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The most critical period yet for Mitt Romney

Mitt and Ann Romney

Feb. 28, 2012: Republican presidential candidate, former Massachusetts Gov. Mitt Romney, arrives with his wife Ann at his election watch party after winning the Michigan primary in Novi, Michigan.AP

It doesn't seem like this is the most critical period of the general election campaign, but for Mitt Romney, it probably is.

Mitt Romney has to step up his game quickly.

As the protracted GOP primary contest finally winds down, Mitt Romney enters the general election campaign at a significant disadvantage to President Obama.

While the President has an approval of close to 50 percent and a favorability rating of slightly more than 50 percent, Romney’s favorable/unfavorable rating is 16 --with 34 percent favorable and 50 percent unfavorable in an ABC News/Washington Post poll released in late March.

Nationally, the president now holds a 5-point lead, according to today’s RCP Average, while enjoying significant leads in key swing states like Florida, Virginia, North Carolina and Ohio. And in states like Wisconsin and Michigan his lead is in the double digits according to the RCP Average of all polling conducted between February 10 and April 3, 2012.

The Obama campaign, for its part, has invested heavily in both media campaigns and ground operations in key battleground states in recent months -- in the effort to marginalize Gov. Romney and grow the president’s lead as wide as possible before the general election campaign begins.

And thanks to a long and bruising primary battle against Rick Santorum and Newt Gingrich, the Romney campaign now finds itself two months behind on its plan to build political and field operations in key battleground states, the only way Romney can get back into the race quickly will be through the expenditure of substantial Super PAC dollars.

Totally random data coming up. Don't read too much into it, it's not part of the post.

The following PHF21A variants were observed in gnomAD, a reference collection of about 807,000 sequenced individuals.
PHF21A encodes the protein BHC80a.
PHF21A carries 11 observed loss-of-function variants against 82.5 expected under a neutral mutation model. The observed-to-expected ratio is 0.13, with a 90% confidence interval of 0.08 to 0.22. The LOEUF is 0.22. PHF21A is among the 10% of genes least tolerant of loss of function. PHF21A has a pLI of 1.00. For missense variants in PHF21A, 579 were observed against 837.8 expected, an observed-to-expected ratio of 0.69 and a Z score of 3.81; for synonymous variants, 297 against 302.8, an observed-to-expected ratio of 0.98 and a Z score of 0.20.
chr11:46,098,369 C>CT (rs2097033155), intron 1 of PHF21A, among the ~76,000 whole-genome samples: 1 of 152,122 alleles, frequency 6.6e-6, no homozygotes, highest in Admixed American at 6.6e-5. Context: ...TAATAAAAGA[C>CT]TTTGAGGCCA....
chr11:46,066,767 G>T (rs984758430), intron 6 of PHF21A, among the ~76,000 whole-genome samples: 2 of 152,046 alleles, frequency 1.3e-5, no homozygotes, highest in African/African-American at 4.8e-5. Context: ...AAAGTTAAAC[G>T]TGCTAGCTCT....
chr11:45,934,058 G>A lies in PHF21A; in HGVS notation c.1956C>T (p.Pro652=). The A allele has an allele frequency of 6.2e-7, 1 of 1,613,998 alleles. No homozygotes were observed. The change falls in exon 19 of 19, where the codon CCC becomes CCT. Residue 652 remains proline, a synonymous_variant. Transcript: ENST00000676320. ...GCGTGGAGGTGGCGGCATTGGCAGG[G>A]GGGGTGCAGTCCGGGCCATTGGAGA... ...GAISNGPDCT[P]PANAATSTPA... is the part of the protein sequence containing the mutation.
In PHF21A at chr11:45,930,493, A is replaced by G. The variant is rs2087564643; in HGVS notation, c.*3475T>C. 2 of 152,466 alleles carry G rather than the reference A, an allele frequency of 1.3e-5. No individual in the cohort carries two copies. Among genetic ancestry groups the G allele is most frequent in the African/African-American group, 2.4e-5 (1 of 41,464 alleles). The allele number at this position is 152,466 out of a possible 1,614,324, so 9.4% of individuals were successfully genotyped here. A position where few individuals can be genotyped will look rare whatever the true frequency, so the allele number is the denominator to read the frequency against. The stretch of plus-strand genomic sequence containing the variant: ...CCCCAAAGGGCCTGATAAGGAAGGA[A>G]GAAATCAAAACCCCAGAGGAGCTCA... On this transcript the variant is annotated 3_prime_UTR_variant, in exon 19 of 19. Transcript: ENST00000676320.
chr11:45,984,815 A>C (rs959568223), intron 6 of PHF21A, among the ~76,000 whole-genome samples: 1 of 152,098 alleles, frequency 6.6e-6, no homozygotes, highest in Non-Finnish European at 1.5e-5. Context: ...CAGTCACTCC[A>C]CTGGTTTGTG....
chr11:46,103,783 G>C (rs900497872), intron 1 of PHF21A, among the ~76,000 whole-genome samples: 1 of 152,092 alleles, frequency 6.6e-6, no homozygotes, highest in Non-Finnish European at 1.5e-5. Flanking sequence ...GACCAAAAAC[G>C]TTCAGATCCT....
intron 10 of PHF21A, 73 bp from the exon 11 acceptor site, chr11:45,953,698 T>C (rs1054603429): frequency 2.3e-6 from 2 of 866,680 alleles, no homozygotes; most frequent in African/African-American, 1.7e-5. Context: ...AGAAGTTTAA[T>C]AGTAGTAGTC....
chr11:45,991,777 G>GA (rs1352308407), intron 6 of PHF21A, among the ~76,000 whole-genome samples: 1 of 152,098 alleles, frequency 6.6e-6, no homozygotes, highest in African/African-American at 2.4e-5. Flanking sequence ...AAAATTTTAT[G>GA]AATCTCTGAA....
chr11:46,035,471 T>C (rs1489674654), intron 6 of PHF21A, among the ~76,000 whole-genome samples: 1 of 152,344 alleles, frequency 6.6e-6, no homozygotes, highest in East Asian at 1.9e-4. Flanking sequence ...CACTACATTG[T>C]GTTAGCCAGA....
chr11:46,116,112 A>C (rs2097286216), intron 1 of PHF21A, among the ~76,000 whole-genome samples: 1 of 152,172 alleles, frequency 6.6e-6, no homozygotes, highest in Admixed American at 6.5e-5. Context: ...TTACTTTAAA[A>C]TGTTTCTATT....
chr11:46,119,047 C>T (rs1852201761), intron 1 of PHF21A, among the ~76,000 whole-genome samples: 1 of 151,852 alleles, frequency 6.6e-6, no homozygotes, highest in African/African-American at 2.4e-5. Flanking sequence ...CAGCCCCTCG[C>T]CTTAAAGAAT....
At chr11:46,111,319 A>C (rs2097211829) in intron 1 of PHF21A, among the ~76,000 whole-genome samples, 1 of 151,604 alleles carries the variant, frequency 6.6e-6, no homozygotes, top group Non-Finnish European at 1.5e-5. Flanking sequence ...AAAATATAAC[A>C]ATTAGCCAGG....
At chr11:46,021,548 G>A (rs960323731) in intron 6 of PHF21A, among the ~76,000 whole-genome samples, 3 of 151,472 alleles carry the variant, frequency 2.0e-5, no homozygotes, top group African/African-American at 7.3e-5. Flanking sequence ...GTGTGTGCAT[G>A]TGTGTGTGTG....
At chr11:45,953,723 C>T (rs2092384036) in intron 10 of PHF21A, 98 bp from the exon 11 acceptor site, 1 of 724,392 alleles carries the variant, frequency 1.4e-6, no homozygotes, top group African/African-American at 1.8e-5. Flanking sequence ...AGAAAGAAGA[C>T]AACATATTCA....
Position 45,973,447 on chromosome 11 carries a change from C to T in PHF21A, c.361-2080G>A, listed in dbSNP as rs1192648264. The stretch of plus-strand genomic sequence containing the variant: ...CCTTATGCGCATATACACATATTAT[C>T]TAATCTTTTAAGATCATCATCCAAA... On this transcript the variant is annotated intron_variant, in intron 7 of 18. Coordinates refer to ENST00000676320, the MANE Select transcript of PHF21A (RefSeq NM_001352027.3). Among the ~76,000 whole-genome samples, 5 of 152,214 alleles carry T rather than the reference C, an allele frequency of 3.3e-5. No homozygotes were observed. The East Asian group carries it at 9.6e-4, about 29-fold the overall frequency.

With the ad war just now beginning, the Romney campaign simply would not have the funds necessary to launch a competitive general election campaign -- but for the fact that at least one, if not more, Super PACs will be involved on behalf of Gov. Romney.

Going forward, the key actors in this process will be Karl Rove, whose Super PAC American Crossroads has raised $200 million, as well as the pro-Romney Super PAC, Restore Our Future.

What is clear is that unless American Crossroads, Restore Our Future and other related Super PACs can resurrect the Romney Campaign in the next couple of months, Gov. Romney runs the risk of being marginalized in the way that Bob Dole was in 1996 when he ran against President Bill Clinton.

The Republicans have too much of a vested interest, too great of a commitment, and frankly too much money to let the race get out of hand this early.

But make no mistake about it -- the campaign now is not Obama vs. Romney. It is Obama vs. Karl Rove, American Crossroads, and Restore Our Future.

Tune in.

Douglas E. Schoen is a political strategist and Fox News contributor. Schoen, who served as a pollster for President Bill Clinton, is author of several books including the forthcoming "Hopelessly Divided: The New Crisis in American Politics and What It Means for 2012 and Beyond" (Rowman and Littlefield). Follow him on Twitter @DouglasESchoen.

Douglas E. Schoen has served as a pollster for President Bill Clinton and is currently working with New York City Mayor Michael Bloomberg. He has more than 30 years experience as a pollster and political consultant. He is also a Fox News contributor and co-host of "Fox News Insiders" Sundays on Fox News Channel and Mondays at 10:30 am ET on FoxNews.com Live. He is the author of ten books including,“Hopelessly Divided: The New Crisis in American Politics and What it Means for 2012 and Beyond” (Rowman and Littlefield 2012). Follow Doug on Twitter @DouglasESchoen.